The Way into Chaos

Harry Connolly. Radar Avenue, $15.99 trade paper (364p) ISBN 978-0-9898284-2-0

Connolly (the Twenty Palaces urban fantasy series) makes his first foray into crowdfunded self-publishing with this immersive, thrilling, and elf-free epic fantasy trilogy launch. Peradain is the capital of a loosely held feudal empire where the rulers hold a monopoly on magic and back it up with steel. On the day of a major festival, the city is invaded and overrun with monsters that rapidly spread across the country in a destructive wave. As the empire begins to falter, a small band of loyalists seeks a new spell that will defeat the beasts and restore the crown. The tightly written story alternately follows Tejohn Treygar, a senior warrior guarding the king, and Cazia Freewell, a 15-year-old student of magic. Connolly deftly moves the action across the countryside and explores the changing lives of soldiers, slaves, nobles, and nomads without being bogged down by politics. The high body count is unsurprising for the genre; less typical, and very welcome, are the egalitarian treatment of gender and the lack of sexual violence. This twisty, subversive novel will win Connolly a whole new set of fans.

Well-Heeled: An Emily’s Place Mystery

Roz Siegel. CreateSpace, $9.98 trade paperback (264p) ISBN 978-1-507858-84-4

The nicely arch tone of Siegel’s worthy sequel to 2010’s Goodie One Shoes is established at the opening (“Does the Angel of Death exist? And if so, does He wear shoes?”). Emily, a former English teacher who runs a discount shoe store on Manhattan’s Upper West Side, has acquired a stock of Italian black leather shoes made by Periggi & Sons from a suspect source. After a customer, Sophia Sarfatti, complains about the fit of a pair of these shoes, Emily finds diamonds hidden in one of the heels. That discovery casts her view of another customer’s desire to buy her full stock of Periggi shoes in a different light, and her suspicion that the customer knows about the gems is enhanced after she finds Sophia dead in the woman’s apartment. Emily doubts that the death was natural and persuades both her estranged husband, referred to as Larry the Loser, and her friend on the NYPD, Murphy the Cop, to help her investigate, as the violence escalates. Admirers of Kinky Friedman’s comic mayhem should be pleased.


Bad Dyke: Salacious Stories from a Queer Life

Allison Moon. Lunatic Ink, $9.99 trade paper (132p) ISBN 978-0-9838309-7-9

Moon’s (Girl Sex 101) voice is clear, frank, and refreshingly without shame as she recounts her winding and often-confusing path toward discovering her sexual identity. While at first these descriptions of vaguely connected sexual adventures and awakenings seems profoundly personal and even self-indulgent, messages quickly begin to emerge, shining a sly light on issues like bi erasure, elitism within the lesbian community, and the challenges of living with shifting and fluid sexual identities. This series of vignettes illuminates the life and path of one “dyke,” and at the same time it offers a positive example for others who are still trying to find their own voices and their own way.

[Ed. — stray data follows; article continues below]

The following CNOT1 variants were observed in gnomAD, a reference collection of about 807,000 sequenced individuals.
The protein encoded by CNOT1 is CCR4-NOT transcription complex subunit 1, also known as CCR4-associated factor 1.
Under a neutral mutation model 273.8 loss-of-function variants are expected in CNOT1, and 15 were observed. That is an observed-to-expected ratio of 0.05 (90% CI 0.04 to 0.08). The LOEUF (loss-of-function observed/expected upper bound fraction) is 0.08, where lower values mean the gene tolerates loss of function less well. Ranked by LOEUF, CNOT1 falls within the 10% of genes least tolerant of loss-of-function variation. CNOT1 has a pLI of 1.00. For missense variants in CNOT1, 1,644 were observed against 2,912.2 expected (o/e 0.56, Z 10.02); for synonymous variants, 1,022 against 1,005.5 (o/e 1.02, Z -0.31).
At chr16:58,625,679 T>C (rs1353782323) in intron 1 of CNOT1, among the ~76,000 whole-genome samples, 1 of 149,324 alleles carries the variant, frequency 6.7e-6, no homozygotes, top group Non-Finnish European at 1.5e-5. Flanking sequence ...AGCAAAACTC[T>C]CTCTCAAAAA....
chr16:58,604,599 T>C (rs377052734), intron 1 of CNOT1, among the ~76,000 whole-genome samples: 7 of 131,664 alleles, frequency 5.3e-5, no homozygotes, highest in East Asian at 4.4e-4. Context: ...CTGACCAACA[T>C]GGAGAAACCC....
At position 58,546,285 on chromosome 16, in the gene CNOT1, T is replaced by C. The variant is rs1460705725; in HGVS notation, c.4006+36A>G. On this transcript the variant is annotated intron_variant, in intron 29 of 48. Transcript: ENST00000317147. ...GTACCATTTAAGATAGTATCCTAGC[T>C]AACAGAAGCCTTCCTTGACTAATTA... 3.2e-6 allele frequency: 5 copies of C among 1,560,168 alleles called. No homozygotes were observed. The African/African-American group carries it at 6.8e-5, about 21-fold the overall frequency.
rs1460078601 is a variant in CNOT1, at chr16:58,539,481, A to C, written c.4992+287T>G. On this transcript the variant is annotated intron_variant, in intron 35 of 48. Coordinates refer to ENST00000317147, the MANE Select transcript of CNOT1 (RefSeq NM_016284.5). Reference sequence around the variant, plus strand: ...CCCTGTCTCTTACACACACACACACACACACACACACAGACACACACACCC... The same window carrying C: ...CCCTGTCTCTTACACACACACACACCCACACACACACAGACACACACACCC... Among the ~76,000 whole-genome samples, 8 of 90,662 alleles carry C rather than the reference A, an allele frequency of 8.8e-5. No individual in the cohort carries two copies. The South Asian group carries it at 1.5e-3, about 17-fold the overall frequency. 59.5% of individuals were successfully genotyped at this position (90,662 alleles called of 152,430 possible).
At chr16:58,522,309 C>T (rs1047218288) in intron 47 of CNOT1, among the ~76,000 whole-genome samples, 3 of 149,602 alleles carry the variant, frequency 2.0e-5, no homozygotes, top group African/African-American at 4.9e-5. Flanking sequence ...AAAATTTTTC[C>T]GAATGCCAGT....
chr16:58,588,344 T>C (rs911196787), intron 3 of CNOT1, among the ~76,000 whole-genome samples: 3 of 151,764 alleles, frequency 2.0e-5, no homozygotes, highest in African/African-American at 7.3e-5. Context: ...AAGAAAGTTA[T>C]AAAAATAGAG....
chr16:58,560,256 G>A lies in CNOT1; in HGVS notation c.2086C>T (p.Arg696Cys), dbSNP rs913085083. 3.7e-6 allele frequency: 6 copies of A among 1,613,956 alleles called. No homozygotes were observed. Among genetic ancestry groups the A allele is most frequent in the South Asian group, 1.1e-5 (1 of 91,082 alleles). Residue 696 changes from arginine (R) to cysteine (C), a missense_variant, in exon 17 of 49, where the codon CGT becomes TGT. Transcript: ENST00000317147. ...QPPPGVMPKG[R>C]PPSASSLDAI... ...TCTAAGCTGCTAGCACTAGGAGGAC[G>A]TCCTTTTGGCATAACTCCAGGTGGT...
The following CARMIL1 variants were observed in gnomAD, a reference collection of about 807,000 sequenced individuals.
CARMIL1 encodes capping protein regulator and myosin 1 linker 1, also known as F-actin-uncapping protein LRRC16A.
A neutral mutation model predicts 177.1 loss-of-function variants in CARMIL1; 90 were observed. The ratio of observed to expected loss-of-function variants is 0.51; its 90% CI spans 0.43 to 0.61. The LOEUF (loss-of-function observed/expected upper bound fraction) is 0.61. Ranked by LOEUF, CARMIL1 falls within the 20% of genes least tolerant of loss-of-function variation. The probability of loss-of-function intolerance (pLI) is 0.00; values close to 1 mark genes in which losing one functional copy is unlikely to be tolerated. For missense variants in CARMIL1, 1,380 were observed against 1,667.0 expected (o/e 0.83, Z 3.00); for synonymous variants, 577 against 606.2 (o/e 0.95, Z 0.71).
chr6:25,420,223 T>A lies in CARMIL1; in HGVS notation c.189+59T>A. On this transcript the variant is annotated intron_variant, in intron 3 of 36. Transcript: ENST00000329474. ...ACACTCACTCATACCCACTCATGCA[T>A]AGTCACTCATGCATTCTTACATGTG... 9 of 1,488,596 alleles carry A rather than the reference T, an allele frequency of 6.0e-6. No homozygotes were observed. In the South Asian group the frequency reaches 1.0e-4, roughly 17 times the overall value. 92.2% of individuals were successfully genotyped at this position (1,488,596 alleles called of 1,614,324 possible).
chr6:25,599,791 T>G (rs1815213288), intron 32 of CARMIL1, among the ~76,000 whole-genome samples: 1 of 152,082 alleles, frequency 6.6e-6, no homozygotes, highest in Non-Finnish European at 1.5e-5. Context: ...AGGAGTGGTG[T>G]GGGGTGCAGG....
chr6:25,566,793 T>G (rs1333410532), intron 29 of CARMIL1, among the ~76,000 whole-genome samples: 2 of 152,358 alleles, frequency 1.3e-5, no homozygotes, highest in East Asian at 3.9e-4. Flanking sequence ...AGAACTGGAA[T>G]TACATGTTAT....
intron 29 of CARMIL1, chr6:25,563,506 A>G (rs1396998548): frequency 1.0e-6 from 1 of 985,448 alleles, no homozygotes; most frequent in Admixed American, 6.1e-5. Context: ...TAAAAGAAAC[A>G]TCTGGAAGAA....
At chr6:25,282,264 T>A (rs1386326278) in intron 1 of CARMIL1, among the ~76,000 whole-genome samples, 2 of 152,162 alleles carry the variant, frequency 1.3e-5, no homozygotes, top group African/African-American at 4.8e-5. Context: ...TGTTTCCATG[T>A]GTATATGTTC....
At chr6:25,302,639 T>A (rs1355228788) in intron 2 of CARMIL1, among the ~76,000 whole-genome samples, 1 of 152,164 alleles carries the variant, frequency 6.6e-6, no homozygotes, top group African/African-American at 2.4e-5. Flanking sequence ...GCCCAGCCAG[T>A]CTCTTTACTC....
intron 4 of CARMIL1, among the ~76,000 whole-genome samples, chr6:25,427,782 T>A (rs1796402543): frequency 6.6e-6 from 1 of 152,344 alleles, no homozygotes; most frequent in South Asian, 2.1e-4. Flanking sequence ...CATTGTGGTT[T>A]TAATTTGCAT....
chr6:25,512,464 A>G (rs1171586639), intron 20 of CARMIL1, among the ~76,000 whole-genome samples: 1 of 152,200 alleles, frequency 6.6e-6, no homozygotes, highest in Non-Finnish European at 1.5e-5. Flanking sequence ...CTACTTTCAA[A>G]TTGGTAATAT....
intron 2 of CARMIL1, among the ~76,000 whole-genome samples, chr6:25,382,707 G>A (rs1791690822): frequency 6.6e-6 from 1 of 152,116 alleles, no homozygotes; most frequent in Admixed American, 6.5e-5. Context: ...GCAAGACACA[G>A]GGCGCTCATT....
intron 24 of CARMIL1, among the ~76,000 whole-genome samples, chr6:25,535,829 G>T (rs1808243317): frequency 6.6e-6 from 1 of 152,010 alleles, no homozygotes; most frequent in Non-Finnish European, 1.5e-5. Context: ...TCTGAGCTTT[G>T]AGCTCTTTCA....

Points of Inspiration: An Artist’s Journey with Painting and Photography

LeeAnn Brook. Brook Design Group, $39.95 hardcover (96p) ISBN 978-0-692-25772-2

This magnificent debut from Brook, a photographer, painter, and graphic artist, showcases 150 full-color photographs and paintings by the artist, accompanied by her thoughtful reflections on the inspiration she derives from observing nature. Brook reveals that there is a wonderful serendipity to her work when she happens upon a “rusted boat... a cobblestone street... light on a quaking aspen.” New material frequently builds upon previous work, leading to an intriguing harmony between photographs and paintings: repetitive lines, textures, and colors from a weathered boat captured in a photograph show up years later in a painting of water lilies, and an intricate Victorian gate foretells a future color palette. Lavishly descriptive wording—“primal elements,” “quiet details,” “tapestry,” and “spontaneity”—enriches the narrative as Brooks provides an intimate explanation of her creative process. The paintings are vivid and scenic: a silver-gray reflection of tree lines and curves is reimagined in glorious colors, contours from a tile in Italy’s Sistine Chapel take on movement in a windy garden, and a rock pattern reflection becomes an abstract form. Brook’s artistry inspires throughout.

Work. Pump. Repeat. How to Survive Breastfeeding and Going Back to Work

Jessica Shortall. Otet Press, $15.99 paper (300p) ISBN 978-0-9909192-0-9

Debut author Shortall strikes the perfect note for an advice book on what some readers might see as a niche topic—pumping and storing milk while at work—skipping past the breastfeeding basics addressed elsewhere to dive straight into logistics. Shortall repeatedly assures her peers (high-powered career women) that “your worth as a mother is not measured in ounces” and takes a casual, keeping-it-real tone toward everything from “porn-star boobs” to pumping during conference calls. Topics include calculating the stash you need to keep your baby fed during the day, negotiating pumping time and space with your company, washing your pump in shared spaces with minimal embarrassment, traveling without your milk spoiling or being confiscated by the TSA, and, when it just isn’t working for you, weaning. It’s the kind of information an intimate, chatty friend who’s done it all could share in a few lunchtimes and a session on the couch—did you know you can sterilize coffee cups in the microwave and pump milk into them?—except that not every mom has those kinds of friends. Having such helpful tips and tricks in print will be a godsend to the back-to-work mom who doesn’t have time for everything to go any less than smoothly.